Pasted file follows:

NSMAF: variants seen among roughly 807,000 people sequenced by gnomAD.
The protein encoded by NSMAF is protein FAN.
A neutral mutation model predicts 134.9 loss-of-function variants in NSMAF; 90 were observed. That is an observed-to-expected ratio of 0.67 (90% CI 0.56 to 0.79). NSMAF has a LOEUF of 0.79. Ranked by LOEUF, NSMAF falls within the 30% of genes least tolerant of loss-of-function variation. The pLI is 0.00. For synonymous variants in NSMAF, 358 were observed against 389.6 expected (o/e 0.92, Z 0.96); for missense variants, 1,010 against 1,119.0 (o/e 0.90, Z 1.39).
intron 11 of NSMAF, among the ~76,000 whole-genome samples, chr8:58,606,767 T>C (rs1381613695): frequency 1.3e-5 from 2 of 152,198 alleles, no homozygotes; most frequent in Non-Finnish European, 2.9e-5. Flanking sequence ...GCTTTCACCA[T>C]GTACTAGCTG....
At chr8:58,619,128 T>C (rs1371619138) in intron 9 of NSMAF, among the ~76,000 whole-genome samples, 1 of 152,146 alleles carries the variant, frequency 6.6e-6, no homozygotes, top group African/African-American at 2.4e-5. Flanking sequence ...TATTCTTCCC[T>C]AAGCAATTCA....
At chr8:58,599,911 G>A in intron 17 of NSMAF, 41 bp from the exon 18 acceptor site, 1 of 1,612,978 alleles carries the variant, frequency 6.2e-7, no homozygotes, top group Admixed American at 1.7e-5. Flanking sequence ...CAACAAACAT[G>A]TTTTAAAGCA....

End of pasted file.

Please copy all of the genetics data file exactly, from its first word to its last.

NSMAF: variants seen among roughly 807,000 people sequenced by gnomAD.
The protein encoded by NSMAF is protein FAN.
A neutral mutation model predicts 134.9 loss-of-function variants in NSMAF; 90 were observed. That is an observed-to-expected ratio of 0.67 (90% CI 0.56 to 0.79). NSMAF has a LOEUF of 0.79. Ranked by LOEUF, NSMAF falls within the 30% of genes least tolerant of loss-of-function variation. The pLI is 0.00. For synonymous variants in NSMAF, 358 were observed against 389.6 expected (o/e 0.92, Z 0.96); for missense variants, 1,010 against 1,119.0 (o/e 0.90, Z 1.39).
intron 11 of NSMAF, among the ~76,000 whole-genome samples, chr8:58,606,767 T>C (rs1381613695): frequency 1.3e-5 from 2 of 152,198 alleles, no homozygotes; most frequent in Non-Finnish European, 2.9e-5. Flanking sequence ...GCTTTCACCA[T>C]GTACTAGCTG....
At chr8:58,619,128 T>C (rs1371619138) in intron 9 of NSMAF, among the ~76,000 whole-genome samples, 1 of 152,146 alleles carries the variant, frequency 6.6e-6, no homozygotes, top group African/African-American at 2.4e-5. Flanking sequence ...TATTCTTCCC[T>C]AAGCAATTCA....
At chr8:58,599,911 G>A in intron 17 of NSMAF, 41 bp from the exon 18 acceptor site, 1 of 1,612,978 alleles carries the variant, frequency 6.2e-7, no homozygotes, top group Admixed American at 1.7e-5. Flanking sequence ...CAACAAACAT[G>A]TTTTAAAGCA....